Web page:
GST: Uniting a Fragmented India into One Market

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After 7 years of deliberation and a monumental 7-hour debate, the Rajya Sabha finally cleared a constitutional amendment that possibly spells the most important economic reform since the Liberalization and Privatization reforms of 1991. The Goods and Services Tax (GST) Bill, passed by the Rajya Sabha on August 3 and the Lok Sabha on August 8, is being hailed as the biggest tax reform since Independence. The implementation of the GST, planned for commencing in the next financial year (beginning April 1, 2017), now depends on the ratification by a majority of the Indian states within a month.

The Current Tax Scenario

Presently, companies pay taxes at different stages of production as well as being taxed separately by different government authorities. The two key problems with the current tax system can be understood by the points below:

Causes double taxation

Unlike services, goods need to be manufactured before they are consumed. The manufacturer is required to pay an indirect tax to theCentral Government when the goods leave the factory. The goods then reach the retail store, where they are bought by consumers. Here is where the State Government steps in and levies the value added tax (VAT) on consumption. So, the goods are taxed both at the factory gate as well as on purchase by the final consumer.

Complicates tax norms across states

Different states have the power to levy different tax structures within their borders. The states treat goods coming from another state as an import and levy a tax on them. Let’s say a company has a factory in Gujarat, but uses a component or material from Uttar Pradesh to manufacture the final product. The company would need to bear the cost of the tax paid by the provider of the component or material to the UP state government. When the final product is ready, the company would be taxed at the factory gate by the Central Government. When the goods are bought by the consumer, tax would need to be paid to the Gujaratgovernment. If, however, the goods are sold in another state, let’s say Delhi, the Gujarat government would treat it as an export and levy the central sales tax (CST).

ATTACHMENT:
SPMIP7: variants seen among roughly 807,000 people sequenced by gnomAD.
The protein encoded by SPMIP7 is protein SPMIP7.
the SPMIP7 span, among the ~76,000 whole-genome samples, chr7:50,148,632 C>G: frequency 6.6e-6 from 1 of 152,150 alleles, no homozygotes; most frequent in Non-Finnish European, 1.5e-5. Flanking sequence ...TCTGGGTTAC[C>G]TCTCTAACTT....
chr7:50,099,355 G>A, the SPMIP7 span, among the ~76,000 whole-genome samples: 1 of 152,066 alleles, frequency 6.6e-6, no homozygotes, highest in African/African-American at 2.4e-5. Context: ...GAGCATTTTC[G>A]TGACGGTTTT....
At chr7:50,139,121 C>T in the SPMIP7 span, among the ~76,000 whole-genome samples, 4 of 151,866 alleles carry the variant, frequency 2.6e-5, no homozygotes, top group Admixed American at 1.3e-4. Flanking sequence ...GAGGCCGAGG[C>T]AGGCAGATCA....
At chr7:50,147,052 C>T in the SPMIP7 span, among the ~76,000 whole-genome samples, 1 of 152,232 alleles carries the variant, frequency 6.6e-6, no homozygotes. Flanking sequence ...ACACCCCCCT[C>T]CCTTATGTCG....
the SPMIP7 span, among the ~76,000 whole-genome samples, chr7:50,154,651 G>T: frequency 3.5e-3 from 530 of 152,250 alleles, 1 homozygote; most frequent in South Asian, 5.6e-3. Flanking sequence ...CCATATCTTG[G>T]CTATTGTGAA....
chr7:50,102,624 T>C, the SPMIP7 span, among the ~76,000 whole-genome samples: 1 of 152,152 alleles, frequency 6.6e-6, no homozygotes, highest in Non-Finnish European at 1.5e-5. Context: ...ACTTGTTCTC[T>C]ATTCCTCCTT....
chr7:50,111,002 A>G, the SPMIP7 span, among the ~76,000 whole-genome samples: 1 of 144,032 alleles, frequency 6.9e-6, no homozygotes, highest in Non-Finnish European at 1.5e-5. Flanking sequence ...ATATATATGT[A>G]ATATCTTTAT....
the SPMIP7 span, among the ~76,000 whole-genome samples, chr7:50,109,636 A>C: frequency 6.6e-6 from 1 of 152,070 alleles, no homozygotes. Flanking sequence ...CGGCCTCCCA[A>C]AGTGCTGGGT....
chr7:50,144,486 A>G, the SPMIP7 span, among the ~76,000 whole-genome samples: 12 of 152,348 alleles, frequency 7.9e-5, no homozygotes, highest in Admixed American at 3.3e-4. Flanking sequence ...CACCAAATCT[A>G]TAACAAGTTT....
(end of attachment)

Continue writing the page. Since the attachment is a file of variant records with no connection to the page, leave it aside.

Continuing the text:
The Tax Revolution Called GST
The Goods and Services Tax (GST) is the system by which a single tax would be levied on the supply of goods and services. All Central and Statelevel taxes on all goods and services would be subsumed within an integrated system of taxation. Thus, there would be an indirect tax levied uniformly across the country.

The GST is a complete overhaul of the current tax system, impacting the tax structure, incidence, computation and payment as well as compliance, credit utilization, and reporting.

The GST would replace all indirect taxes. Being a consumption-based tax system, the GST would reduce the cascading effect of tax (or double taxation) by levying taxes only where the consumption takes place.

The current tax system creates borders within borders, creating obstacles in supply chains within the country. The implementation of the GST would streamline India’s fragmented tax system and unite all states into a singular market.

The GST is also expected to make the tax base more comprehensive and the compliance burden less complex and less time consuming.

Who Will Benefit from GST
According to a research note published by Morgan Stanley, four sectors that would benefit from the implementation of GST are:
• Consumption (consumer goods and services)
• Logistics companies
• Manufacturers of house building materials
• Industrial manufacturing

The GST will benefit traders who supply raw materials or components to factories across the company. Distributors with a network across various states and manufacturers with facilities in many states would also benefit immensely from the new tax regime.
Implications for the SME Sector